Bad News: Chevy’s V8 Cop Car Stomped by Ford’s V6 Police Interceptor

Revenge is Mine Sayeth Caprice PPV

John Gilbert Dec 7, 2015 0 Comment(s)
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Regardless whether it’s a Ford or Chevy, the best used car buy for someone that likes to thrash their ride on a daily basis is a former police patrol unit. Of course there is that matter of brand loyalty, so feel free to choose accordingly.

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Getting back to why: it’s because a police car is built to handle anything that comes its way and that means it’s hard to break. Hard to break and haul ass doing it, is what police car testing is all about. Every year different police agencies from around the nation comparison test the top three contenders: Ford, Dodge and Chevrolet.

In 2014 tests, the Caprice PPV (police patrol vehicle) came out on top against the Dodge Charger and Ford Police Interceptor. The Caprice performed exceptionally well against other manufacturers’ police vehicles, with the Caprice PPV 6.0L delivering a higher top speed (155 mph / 248 kmh) than the Dodge Charger V-8 or the Taurus-based Ford Police Interceptor with an EcoBoost V6, during Michigan State Police’s annual benchmark police vehicle evaluation.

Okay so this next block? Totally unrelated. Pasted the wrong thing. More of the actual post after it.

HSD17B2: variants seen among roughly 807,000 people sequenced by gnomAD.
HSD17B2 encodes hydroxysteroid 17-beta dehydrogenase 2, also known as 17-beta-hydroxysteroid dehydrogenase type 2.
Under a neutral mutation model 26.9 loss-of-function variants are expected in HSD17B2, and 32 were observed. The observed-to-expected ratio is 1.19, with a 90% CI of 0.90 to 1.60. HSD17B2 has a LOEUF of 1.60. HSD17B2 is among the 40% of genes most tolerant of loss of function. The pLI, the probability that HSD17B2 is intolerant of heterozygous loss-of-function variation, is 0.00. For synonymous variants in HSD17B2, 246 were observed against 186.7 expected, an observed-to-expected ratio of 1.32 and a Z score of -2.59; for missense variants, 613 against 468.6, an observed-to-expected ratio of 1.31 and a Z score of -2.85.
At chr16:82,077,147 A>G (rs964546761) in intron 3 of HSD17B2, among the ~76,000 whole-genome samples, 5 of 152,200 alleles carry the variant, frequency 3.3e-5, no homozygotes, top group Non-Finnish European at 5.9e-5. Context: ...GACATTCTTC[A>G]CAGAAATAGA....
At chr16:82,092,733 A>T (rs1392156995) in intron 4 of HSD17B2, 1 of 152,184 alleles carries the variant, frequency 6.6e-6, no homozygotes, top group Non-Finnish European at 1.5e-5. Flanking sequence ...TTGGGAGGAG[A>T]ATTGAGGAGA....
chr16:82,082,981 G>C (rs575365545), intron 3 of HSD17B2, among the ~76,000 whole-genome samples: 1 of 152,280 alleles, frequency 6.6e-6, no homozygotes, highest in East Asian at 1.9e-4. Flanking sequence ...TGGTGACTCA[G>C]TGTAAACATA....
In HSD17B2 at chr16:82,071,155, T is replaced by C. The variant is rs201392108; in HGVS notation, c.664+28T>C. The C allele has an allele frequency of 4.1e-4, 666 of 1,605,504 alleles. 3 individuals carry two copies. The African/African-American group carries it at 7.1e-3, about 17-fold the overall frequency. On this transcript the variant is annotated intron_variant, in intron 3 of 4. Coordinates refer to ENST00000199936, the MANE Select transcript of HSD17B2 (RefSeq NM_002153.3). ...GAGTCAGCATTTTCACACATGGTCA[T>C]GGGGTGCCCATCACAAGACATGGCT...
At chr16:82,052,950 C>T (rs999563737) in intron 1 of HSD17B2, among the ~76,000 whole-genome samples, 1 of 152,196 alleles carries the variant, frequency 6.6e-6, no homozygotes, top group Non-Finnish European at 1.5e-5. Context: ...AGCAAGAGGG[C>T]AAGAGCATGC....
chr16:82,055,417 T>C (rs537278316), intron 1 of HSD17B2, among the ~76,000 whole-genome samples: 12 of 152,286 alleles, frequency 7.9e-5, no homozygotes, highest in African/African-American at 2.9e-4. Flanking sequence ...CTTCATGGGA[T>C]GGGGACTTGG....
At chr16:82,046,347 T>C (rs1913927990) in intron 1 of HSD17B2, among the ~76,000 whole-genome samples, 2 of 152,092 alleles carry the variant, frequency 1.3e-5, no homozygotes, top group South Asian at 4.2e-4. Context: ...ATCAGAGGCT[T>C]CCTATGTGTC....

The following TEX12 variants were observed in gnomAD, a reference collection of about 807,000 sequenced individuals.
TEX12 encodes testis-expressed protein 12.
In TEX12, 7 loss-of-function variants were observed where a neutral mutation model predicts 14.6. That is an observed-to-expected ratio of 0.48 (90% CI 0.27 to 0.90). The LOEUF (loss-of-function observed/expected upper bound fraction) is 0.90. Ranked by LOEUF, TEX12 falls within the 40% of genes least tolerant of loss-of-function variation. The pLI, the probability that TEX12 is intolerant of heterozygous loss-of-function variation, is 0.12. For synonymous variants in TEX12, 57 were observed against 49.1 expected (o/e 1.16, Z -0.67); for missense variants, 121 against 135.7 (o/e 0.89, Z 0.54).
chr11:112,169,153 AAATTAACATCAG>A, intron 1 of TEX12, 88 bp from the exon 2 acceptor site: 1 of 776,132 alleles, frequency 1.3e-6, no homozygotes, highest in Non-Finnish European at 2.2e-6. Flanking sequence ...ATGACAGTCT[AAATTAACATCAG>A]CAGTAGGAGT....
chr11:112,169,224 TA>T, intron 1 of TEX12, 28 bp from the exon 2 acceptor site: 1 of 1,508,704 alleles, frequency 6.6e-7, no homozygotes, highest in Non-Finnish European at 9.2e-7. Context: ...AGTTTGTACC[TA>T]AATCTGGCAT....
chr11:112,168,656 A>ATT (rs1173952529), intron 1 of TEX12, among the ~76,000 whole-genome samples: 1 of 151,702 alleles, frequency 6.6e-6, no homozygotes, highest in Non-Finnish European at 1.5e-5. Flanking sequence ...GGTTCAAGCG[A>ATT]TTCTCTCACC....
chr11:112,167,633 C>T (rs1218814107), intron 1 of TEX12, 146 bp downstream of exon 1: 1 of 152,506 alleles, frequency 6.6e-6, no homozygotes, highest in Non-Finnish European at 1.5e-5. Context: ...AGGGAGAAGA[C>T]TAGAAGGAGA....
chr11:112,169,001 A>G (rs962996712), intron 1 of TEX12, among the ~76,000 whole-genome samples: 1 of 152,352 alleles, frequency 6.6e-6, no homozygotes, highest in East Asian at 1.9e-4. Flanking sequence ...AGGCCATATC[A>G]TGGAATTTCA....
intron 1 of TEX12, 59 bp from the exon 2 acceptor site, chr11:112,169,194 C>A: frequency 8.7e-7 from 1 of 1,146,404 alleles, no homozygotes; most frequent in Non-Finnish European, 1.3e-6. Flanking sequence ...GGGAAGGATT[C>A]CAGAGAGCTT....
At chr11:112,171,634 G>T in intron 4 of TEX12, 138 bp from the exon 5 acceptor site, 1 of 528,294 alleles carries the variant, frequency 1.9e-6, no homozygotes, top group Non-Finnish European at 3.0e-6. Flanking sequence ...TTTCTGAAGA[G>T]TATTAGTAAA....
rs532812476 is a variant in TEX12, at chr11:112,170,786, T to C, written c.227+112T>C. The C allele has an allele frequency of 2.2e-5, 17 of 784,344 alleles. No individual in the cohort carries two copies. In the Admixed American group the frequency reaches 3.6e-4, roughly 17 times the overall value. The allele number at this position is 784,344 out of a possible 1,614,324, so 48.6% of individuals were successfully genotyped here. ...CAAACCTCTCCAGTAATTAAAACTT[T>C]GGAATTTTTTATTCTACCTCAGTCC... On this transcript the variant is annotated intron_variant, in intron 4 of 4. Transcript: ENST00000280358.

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For 2015 things turned out in favor for the Ford EcoBoost Police Interceptor. The big three, Ford, Chevrolet, and Dodge, all participated in police interceptor comparison tests conducted by the LASD (Los Angeles Sheriffs Department) and the Michigan State Police. In the latest tests the V6 EcoBoost-powered Ford Police Interceptor sedan bested all vehicles, including V8-equipped competitors’ sedans in testing by both Michigan and California authorities. The Ford EcoBoost Police Interceptor turned in best-in-class acceleration for overall pursuit vehicles of 0-60 mph in 5.8 seconds vs. 6.6 seconds for the 5.7-liter Charger and 6.7 seconds for the 6.0-liter Chevrolet Caprice.

Much in the same way it was a rear-engine, Lotus-powered by a Ford, that rung the death knell for conventional Offenhauser-powered cars at Indianapolis, the same might be happening for conventionally configured police cars. It’s no secret production of the V8-powered, rear-wheel-drive Impala goes out of production at the end of 2017, so it will be interesting to see what replaces it and if the new platform can exact revenge.

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